The Life and Death of Vancouver's Hollywood-Powered "Slutton" Party Scene: "This Place Really Misses the Hookers"
TV stars, crew and writers still flood the Canadian city each spring to shoot pilots and series, but the notorious party and hookup scene at the luxurious Sutton Place Hotel — where Robert De Niro and Sean Penn slugged down margaritas — has been tamed in the age of obsessive networking and social media accountability.
It's 6:30 p.m. on a Thursday in March — pilot season — and the dinner crowd trickles in to Boulevard, the restaurant and oyster bar in Vancouver's Sutton Place Hotel. I'm here to investigate whether the AAA Five Diamond-rated hotel long favored by actors, directors, producers and writers in "Hollywood North" still brims with the licentiousness that made it a legend called the "Slutton." Here, ascendant talent and A-list stars enjoyed a spring break atmosphere after long days on set. Robert De Niro once deemed the margaritas "better than Mexico's" while partying with Sean Penn.
"Back in the day, if you couldn't find a date, you could pay for one," muses Ryan the bartender. "This place really misses the hookers."
Spencer Garrett, an actor who has worked in Vancouver 20 times in the past 15 years and only stays at the Sutton Place, witnessed the golden days firsthand when the rowdy party hotel resembled the Riot Hyatt in Almost Famous. "In the mid-'90s to the early 2000s, it was very rocking, a lot of drinking at the bar," says Garrett, who co-stars on Amazon's Bosch (which films in Atlanta). "I think the days of the Slutton are bygone. The new owners were likely not wild about that nickname, which is probably why the hookers were exiled."
Actress Meaghan Rath, who has filmed here six times in the past decade, this year for the ABC pilot The Trustee, recalls the action at the bar. "It used to be all the local girls trying to sleep with actors or get their big breaks," says Rath. "And my hairstylist told me how 15 years ago famous actors walked around asking for eight balls. That probably doesn't happen much anymore. But I can't walk through the lobby without seeing 500 people I know."
Yet the few evening patrons at Gerard Lounge, Boulevard's cozy, adjoining English-style club, are familiar only to Ryan. I meet a chardonnay-sipping woman who works in the mayor's office and a middle-aged local who tells stories about his kid's field hockey team.
Still, Sutton Place hasn't completely devolved into a townie hangout. Taye Diggs blew through the lobby earlier. Courtney Love gave me a dirty look in the taxi line. A young actor whose name I can't immediately pull toted a dog-eared script conspicuously under his arm and announced to no one in particular that he's "filming the new Liam Neeson."
And not everyone rues the mellowing scene. Danielle Panabaker, who has filmed The CW's The Flash in Vancouver for three years, says the hotel's low-key predictability is a plus among her friends and colleagues. "It feels familiar and safe," she says. Bravo's Girlfriends' Guide to Divorce star Beau Garrett (no relation to Spencer), who recently wrapped the ABC pilot The Good Doctor, compares the scene to summer camp. "That 'Slutton' nickname is more about intracast relationships," she offers tactfully.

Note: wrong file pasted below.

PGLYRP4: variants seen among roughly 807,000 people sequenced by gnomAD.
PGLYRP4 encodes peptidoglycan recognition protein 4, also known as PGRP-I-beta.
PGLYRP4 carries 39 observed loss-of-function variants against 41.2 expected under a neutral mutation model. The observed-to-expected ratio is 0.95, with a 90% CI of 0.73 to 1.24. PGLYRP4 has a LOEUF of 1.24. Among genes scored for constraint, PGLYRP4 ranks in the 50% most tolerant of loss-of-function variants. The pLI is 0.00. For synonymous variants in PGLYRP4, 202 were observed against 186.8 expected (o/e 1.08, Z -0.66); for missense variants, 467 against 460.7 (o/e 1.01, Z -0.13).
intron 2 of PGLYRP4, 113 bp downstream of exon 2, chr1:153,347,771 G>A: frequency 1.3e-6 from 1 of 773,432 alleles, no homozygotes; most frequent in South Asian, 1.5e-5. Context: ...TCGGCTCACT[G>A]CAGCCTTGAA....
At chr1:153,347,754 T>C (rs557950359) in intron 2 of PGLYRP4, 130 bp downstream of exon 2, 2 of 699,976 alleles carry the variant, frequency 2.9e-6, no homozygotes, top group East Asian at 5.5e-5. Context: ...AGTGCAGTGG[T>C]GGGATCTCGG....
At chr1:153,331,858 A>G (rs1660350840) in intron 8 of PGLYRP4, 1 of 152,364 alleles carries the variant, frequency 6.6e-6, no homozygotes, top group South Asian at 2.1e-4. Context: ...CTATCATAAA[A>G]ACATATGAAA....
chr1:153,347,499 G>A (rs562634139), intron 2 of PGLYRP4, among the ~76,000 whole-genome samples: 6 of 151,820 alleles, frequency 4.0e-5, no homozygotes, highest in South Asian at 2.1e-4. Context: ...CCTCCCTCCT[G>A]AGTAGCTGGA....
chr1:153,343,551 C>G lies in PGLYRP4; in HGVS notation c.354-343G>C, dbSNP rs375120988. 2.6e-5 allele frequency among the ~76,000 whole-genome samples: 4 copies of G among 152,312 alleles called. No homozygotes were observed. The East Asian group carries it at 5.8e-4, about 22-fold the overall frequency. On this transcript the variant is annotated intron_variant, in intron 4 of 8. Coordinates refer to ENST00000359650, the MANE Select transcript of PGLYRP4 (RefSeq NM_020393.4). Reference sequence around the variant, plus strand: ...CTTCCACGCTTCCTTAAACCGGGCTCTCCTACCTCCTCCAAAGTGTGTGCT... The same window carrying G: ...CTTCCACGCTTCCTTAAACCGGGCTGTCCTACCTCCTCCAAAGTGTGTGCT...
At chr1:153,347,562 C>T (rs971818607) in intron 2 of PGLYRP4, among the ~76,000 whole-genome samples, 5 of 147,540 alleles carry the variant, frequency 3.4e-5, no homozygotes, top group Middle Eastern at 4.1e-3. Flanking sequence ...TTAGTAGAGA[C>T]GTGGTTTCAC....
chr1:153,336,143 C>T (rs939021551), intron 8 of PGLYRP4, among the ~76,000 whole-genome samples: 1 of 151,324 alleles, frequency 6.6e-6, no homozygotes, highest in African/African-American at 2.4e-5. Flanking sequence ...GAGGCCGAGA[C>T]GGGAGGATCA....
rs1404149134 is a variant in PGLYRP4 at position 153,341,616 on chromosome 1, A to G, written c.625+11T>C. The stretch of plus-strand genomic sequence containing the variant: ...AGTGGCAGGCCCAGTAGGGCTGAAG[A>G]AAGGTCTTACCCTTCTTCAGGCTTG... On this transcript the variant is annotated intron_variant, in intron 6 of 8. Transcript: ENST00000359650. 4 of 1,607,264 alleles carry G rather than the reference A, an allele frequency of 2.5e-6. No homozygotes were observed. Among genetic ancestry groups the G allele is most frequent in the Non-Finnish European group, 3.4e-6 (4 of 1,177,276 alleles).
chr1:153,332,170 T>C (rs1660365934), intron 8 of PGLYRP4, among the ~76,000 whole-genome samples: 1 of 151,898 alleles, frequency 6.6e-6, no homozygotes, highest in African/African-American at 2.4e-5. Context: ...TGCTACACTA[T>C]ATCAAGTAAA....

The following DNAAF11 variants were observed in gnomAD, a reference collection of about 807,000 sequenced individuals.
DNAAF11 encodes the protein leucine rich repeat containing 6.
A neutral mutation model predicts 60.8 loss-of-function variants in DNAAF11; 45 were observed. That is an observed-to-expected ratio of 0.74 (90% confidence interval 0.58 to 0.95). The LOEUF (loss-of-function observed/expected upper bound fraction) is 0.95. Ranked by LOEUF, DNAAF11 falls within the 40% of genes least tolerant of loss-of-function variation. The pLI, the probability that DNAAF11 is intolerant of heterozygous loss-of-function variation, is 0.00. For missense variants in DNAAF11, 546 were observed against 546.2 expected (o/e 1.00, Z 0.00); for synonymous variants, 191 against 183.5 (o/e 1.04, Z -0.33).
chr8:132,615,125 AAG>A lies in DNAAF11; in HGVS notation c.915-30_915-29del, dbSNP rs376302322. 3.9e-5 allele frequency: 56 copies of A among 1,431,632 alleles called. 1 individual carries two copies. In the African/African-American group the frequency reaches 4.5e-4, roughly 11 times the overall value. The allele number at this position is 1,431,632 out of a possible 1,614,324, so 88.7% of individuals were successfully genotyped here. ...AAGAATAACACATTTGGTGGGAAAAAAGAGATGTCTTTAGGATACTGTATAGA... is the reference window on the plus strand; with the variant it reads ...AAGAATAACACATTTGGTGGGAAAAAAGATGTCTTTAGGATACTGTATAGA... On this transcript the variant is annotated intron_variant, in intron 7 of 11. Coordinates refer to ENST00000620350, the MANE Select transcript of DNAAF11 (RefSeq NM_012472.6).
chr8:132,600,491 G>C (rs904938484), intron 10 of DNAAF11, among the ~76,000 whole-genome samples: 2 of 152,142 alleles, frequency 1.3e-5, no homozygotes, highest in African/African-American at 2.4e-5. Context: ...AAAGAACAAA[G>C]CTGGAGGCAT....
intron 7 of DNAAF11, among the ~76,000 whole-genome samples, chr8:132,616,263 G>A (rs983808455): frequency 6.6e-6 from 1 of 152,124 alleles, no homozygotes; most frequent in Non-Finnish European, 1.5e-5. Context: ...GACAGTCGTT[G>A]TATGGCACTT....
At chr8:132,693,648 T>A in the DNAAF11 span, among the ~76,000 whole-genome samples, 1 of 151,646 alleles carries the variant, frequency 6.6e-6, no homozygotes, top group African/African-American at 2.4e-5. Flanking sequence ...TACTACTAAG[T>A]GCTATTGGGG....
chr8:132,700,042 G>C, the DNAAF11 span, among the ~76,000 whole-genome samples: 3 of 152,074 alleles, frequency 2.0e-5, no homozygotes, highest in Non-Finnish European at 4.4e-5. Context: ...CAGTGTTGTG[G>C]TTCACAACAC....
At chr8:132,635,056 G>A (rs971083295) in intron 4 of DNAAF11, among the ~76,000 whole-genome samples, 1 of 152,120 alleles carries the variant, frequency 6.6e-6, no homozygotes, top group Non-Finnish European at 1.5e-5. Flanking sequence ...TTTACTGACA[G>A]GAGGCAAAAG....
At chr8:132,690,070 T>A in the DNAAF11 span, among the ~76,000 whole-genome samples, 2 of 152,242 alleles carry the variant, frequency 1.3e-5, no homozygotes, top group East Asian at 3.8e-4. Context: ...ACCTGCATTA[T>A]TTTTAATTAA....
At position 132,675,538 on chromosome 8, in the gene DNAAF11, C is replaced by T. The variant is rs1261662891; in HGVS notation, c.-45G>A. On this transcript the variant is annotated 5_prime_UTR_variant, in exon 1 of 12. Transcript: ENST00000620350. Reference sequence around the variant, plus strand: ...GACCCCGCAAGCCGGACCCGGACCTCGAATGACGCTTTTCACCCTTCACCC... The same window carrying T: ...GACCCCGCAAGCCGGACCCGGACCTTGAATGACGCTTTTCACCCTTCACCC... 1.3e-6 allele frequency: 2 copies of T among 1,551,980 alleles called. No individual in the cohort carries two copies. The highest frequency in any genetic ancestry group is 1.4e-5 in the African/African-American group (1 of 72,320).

At 10 p.m., the bar crowd has grown to 30 or so, though the only actress I meet identifies herself as "super passionate about regional theater." The bartender explains that the party atmosphere petered out in recent years because of an ownership change and the addition of windows in the bar. I swivel my stool and look out onto the street and a Subway sandwich shop. In his mind, the Slutton's old-school hedonism died with the rise of amateur paparazzi and Instagram and the accountability that came with it. "That ruined it," he says, gesturing toward my iPhone.
For millennials, hitting on someone at a hotel bar is an archaic concept, says Stacy Rukeyser, showrunner of Lifetime's UnREAL. "We have like 10 series-regular hot guys on the prowl, and they all activated their Tinder subscriptions in Vancouver," she says. "A great way to get people to show you the city. At least that's how it was explained to me."
The scene is more about hooking up deals these days, notes Rukeyser. "We're working our butts off, so we're not in the bar as often we used to be," she says. "I sound like such an old fogey, but the thing now is networking."
As it approaches 11 p.m., I wander out the door to see whether the party is happening elsewhere around town — I drop by the Four Seasons, the Prohibition Bar at the Rosewood Hotel Georgia and then the Fairmont Pacific Rim. My closest brush with star power is a lovely middle-aged woman who claims to have turned down a chance to appear on The Real Housewives of Vancouver. But around midnight, I get a text from a source: "Just saw Piven downstairs at Sutton!"
Alas, Jeremy Piven is gone before I get back to Gerard Lounge, but the crowd has picked up. Diggs, in town to film ABC's Doomsday, has claimed a table with friends, while Michael Cudlitz, best known for playing Abraham on AMC's The Walking Dead, sits alone by the fireplace tapping out texts. Earlier, his Trustee co-star Rath had told me that they had met the dwarfs from Once Upon a Time at the bar.
There's still some heat here, but it's not the Slutton. Perhaps the shift is a consequence of Vancouver's ever-expanding nightlife and the new crop of luxury lodgings. Maybe it was the arrival of paparazzi or hookup apps.
Then there's Spencer Garrett's theory: "I was in Vancouver last year, and I pulled up to the Sutton and saw Steven Seagal getting out of a giant black SUV surrounded by four bodyguards. He has that jet-black dyed hair, and he looked like he'd had a few, you know, potatoes." That's when I thought to myself, 'The Slutton is dead, long live the Slutton.' "
This story first appeared in the May 15 issue of The Hollywood Reporter magazine. To receive the magazine, click here to subscribe.